That’s why Einstein’s stance against gravitational waves makes little sense: the logical conclusion of his own insights is that gravity doesn’t exist as a force of nature. We can keep referring to gravitation, not as a force, but only as a shorthand for the effect of the four-dimensional curvature of space-time that actually brings masses together.
However, Einstein won his Nobel Prize not because of that central idea of general relativity but largely because of his discovery that a beam of light is not a wave but rather a collection of discrete wave packets. This is a key insight leading to quantum mechanics, the uncertainty principle, God’s dice and the notion that electrons are not really orbiting protons but occupying “slots” — again, all conclusions that Einstein disliked completely and argued against for decades.
Einstein was wrong on so many things related to his field of expertise that it’s hard to keep track: for one, he thought that nuclear weapons would be impossible to build (he saw them built well within his lifetime, by scientists less august than himself). As two commenters to the SlateStarCodex post, Scott Aaronson and “nelshoy,” wrote:
Einstein believed in a static universe that would’ve been dynamically unstable (though he did quickly reverse himself once he saw Hubble’s data), gave terrible arguments against the existence of black holes… doubted the fundamental nature of quantum indeterminacy and entanglement (though in his defense, his opponents like Bohr weren’t giving strong arguments—those would only come later), and mostly wasted his last decades pursuing a unified field theory that ignored not only QM but even the nuclear forces. He also pursued false leads (even “stupid” ones) along the way to general relativity… Einstein also apparently rejected continental drift, which seems more traditionally crazy to me as a nonphysicist.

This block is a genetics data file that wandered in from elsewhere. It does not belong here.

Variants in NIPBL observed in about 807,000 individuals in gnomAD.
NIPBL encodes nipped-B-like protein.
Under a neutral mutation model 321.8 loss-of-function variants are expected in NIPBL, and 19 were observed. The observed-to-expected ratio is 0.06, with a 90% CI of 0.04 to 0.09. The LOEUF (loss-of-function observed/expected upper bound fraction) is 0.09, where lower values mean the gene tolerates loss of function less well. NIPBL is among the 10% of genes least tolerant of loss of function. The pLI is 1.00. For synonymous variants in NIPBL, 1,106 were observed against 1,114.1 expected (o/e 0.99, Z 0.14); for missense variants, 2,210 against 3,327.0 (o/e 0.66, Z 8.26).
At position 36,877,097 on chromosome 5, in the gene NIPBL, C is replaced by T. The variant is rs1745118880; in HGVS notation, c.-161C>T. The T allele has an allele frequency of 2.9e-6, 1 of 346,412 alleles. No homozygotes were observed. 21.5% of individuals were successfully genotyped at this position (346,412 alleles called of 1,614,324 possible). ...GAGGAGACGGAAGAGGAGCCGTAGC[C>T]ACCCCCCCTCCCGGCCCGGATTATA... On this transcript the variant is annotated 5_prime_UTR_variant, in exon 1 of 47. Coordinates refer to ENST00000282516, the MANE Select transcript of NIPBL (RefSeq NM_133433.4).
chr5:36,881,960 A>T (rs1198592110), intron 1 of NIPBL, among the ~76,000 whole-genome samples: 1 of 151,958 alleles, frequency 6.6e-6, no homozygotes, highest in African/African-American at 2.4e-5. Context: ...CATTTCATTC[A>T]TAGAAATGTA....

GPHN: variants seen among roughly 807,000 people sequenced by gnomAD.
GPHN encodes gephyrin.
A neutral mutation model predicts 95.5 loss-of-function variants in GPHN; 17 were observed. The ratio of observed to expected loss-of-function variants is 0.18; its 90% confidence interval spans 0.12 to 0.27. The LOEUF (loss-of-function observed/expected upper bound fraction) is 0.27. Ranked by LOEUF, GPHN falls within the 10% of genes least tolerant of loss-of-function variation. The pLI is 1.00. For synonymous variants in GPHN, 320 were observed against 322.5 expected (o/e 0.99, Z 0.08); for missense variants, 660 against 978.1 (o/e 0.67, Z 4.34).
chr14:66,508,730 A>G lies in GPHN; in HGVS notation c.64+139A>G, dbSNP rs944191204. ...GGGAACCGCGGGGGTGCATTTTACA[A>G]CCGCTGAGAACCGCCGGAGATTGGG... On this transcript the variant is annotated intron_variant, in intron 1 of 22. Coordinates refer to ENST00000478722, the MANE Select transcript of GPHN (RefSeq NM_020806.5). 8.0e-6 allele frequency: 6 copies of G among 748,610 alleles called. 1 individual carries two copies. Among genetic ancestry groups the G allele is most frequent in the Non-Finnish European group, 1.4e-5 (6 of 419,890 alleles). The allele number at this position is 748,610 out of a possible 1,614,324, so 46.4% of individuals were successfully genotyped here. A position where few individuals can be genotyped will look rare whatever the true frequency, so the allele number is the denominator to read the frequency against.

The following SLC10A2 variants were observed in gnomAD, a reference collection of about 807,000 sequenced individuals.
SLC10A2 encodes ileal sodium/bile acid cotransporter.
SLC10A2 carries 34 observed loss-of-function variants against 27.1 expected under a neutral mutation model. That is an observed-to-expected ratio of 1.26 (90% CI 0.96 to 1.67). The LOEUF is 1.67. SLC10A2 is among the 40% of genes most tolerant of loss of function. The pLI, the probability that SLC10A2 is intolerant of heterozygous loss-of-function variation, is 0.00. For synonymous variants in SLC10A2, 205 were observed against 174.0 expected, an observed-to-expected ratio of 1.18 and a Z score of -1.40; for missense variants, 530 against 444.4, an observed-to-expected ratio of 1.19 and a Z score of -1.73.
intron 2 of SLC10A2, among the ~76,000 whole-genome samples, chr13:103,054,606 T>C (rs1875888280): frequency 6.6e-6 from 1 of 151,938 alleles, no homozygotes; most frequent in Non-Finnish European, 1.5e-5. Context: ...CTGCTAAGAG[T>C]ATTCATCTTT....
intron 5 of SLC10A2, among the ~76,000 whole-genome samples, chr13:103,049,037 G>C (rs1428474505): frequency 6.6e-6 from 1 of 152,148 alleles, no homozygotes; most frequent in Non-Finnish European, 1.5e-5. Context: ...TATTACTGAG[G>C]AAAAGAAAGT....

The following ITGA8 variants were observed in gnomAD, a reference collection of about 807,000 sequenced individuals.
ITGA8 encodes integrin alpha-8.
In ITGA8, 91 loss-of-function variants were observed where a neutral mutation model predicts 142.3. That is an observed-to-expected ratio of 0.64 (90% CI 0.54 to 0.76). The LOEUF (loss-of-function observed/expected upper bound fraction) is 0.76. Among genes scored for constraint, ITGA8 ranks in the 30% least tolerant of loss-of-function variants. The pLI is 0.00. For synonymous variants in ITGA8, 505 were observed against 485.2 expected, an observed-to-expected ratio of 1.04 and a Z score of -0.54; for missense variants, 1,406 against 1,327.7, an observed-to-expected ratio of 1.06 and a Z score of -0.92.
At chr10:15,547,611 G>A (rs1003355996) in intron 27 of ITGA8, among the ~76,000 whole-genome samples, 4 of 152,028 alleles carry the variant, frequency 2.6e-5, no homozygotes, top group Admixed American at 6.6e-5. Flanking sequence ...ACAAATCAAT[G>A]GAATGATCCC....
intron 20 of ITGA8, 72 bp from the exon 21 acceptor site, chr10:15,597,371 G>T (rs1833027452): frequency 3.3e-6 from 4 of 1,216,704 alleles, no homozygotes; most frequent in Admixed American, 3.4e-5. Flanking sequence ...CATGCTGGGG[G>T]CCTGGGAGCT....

Myths have built upon Einstein’s statues to a worrisome extent: the frequently cited first empirical testing of general relativity, during the 1919 eclipse, wasn’t the astounding success that many trumpet. In reality, the results from the observation didn’t prove the theory, because of “systematic error” in the use of telescopes, bad weather and inconclusive conclusions.
This has been known for quite a long time. It was first stated in “Gravitation versus Relativity” (1922), by Charles L. Poor, and restated in Chapter Two of “The Golem: what you should know about science” (second edition, 1998) by Harry Collins and Trevor Pinch. Still, it’s easy to find admiring references to the 1919 eclipse testing, together with an entire edifice of Einsteins’ quotations, real and fake, that seek to prove his genial insight on everything under the sun.
As this Aeon article notes, Einstein is frequently quoted on a wide variety of non-scientific subjects, including education, intelligence and politics (he was offered the presidency of Israel, which he declined, in 1952), religion, marriage, money and music-making:
On education we get: ‘Education is what remains after you have forgotten everything you learned in school.’ On intelligence: ‘The difference between genius and stupidity is that genius has its limits.’ On politics: ‘Insanity is doing the same thing over and over again and expecting different results.’ On religion: ‘God does not play dice.’ On marriage: ‘Men marry women with the hope they will never change. Women marry men with the hope they will change. Invariably they are both disappointed.’ On money: ‘Not everything that can be counted counts, and not everything that counts can be counted.’ On music: ‘Death means that one can no longer listen to Mozart.’ And on life in general: ‘Things should be made as simple as possible but not any simpler.’ Only the quote about dice can be attributed without a doubt to Einstein.